Continued demand for accommodation for students and young professionals is keeping the Lincoln buy-to-let market above the national trend — and rents have increased over the past year in the city too.
But that’s not the picture many buy-to-let landlords have seen across the wider region and the country. Rightmove figures show a less active buy-to-let market led properties with two bedrooms or fewer to drop in price last month. And stats from Hampton International show that money spent on buy-to-let purchases across the UK is currently 30% below what it was in 2015, when the 3% stamp duty surcharge on purchases of second homes was introduced.
At the height of the buy-to-let boom, first-time buyers who were able to get a 10% deposit together frequently found themselves outbid by buy-to-let landlords. Rightmove said mortgage approvals for new buy-to-let purchases are 14% down on a year ago and 53% down on three years ago as the more punitive tax regime has had “its desired effect”.
Yet warnings by landlords that taxes on buy-to-let would cripple the property market, driving down supply and pushing up rents, have turned out to be hollow, according to research by campaign group Generation Rent. They found that since the introduction of taxes on buy-to-let landlords in George Osborne’s 2015 budget, rents have fallen in real terms by 2.8%.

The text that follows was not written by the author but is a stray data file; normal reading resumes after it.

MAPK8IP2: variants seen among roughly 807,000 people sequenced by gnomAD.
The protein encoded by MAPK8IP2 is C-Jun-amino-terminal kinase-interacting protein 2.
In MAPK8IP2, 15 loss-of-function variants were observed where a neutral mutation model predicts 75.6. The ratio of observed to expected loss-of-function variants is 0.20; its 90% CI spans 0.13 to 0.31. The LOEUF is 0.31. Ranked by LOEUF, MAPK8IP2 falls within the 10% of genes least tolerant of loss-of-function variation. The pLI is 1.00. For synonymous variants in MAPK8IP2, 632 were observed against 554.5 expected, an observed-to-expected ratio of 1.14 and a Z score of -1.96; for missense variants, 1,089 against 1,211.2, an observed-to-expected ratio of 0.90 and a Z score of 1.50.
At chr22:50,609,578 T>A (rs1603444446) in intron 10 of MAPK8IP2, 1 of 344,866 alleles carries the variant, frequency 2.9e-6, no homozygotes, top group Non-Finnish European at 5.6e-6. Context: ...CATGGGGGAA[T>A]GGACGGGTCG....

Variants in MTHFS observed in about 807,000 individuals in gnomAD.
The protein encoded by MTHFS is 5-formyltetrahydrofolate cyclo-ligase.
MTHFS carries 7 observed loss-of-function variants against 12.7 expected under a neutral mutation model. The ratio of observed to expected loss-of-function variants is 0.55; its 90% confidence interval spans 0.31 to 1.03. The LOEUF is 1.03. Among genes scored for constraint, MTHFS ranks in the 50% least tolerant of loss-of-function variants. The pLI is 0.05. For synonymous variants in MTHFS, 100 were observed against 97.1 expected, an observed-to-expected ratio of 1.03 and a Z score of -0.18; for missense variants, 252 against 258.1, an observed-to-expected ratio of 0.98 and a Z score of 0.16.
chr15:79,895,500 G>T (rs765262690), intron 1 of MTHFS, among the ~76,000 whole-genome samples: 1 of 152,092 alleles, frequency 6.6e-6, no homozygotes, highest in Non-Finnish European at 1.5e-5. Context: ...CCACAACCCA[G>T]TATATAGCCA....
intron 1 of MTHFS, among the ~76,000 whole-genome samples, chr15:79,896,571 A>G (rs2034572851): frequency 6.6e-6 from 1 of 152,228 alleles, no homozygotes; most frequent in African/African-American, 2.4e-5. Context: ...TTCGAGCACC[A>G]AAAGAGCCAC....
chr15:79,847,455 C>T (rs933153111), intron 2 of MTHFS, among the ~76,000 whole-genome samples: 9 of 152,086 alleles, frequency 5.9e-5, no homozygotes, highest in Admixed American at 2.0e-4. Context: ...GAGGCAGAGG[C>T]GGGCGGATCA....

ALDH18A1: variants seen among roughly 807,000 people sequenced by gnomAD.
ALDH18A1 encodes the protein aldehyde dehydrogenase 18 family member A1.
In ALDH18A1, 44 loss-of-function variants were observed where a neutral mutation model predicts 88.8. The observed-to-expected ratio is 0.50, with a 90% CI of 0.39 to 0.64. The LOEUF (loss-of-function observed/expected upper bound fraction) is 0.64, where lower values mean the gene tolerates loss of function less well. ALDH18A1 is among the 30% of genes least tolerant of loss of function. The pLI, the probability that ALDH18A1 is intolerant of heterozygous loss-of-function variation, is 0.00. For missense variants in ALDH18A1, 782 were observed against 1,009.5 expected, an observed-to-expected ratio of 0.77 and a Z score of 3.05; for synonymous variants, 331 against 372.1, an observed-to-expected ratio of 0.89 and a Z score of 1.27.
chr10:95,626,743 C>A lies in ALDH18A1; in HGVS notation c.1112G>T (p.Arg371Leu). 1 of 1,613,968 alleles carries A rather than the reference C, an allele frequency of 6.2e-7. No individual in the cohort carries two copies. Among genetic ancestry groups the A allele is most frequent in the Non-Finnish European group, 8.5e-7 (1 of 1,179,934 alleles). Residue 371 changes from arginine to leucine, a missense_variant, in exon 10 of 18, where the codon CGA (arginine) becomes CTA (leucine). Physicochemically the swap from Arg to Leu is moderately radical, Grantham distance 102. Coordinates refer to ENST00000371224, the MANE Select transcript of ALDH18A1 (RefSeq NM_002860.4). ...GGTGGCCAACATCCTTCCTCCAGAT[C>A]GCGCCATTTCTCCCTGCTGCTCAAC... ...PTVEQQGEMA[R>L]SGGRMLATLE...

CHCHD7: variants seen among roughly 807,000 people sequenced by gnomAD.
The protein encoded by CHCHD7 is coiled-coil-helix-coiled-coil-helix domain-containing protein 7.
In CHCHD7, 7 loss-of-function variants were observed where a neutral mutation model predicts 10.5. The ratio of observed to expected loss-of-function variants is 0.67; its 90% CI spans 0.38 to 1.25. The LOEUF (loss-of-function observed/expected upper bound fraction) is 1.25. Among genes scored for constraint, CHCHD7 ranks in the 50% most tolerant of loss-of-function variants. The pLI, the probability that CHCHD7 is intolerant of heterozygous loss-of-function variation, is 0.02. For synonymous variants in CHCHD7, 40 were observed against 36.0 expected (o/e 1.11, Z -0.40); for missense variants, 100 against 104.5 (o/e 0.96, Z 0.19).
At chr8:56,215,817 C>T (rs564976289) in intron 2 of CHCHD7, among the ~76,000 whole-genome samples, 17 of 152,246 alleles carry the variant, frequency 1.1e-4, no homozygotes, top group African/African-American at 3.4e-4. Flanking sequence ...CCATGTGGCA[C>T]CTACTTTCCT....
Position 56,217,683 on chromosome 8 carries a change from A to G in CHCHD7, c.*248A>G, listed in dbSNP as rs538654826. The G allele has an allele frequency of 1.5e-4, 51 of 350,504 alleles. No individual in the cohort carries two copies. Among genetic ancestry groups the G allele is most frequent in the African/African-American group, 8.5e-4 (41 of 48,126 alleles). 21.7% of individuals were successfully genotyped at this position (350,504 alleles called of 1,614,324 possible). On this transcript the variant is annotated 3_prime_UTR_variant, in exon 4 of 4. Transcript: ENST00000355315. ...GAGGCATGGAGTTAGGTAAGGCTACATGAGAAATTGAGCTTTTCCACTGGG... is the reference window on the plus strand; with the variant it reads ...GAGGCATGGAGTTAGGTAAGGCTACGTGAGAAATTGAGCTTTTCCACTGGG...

“Residential property prices continued to show gradual growth over the last 12 months, in Lincoln and the East Midlands,” explained Hymie Bentley, Associate Partner at Mundys, who also heads the lettings department. “We expect that residential property will continue to show a positive trend in Lincoln and the surrounding areas, and buy-to-let property remains attractive for investors in and around the city,” he added. “If there is less activity in the market from buy-to-let Investors, it will reduce the amount of competition for similar properties and therefore provide more of an opportunity for first time buyers.”
That rings true alongside Rightmove’s predictions, which indicate subdued prices provide first-time buyers with an “opportunity this autumn”. The number of first-time buyers a year has grown by 21% since Osborne’s first announcement on landlord taxation in July 2015, to 366,000 in the year to June 2018. Mundys correlated this trend to Lincoln too in mid September, as the construction market remained steady in our region.
Workloads continue to grow in the UK construction and infrastructure sector, amid financial constraints and Brexit uncertainties, according to the Q3 2018 RICS UK Construction and Infrastructure Market Survey. Near term, the outlook for the sector remains upbeat, but 2019 might bring an entirely different narrative.
Also read other Business Week features
- Brexit concerns bring sales hangover after summer spree
- Getting ready for the automated future of work
- Lincoln signals new age of luxury
- Young minds, great potential
- Building boom and first time buyers fuel Lincolnshire housing market
- Bubble gold rush – Councils’ business is big business
- An experiential revival of the High Street
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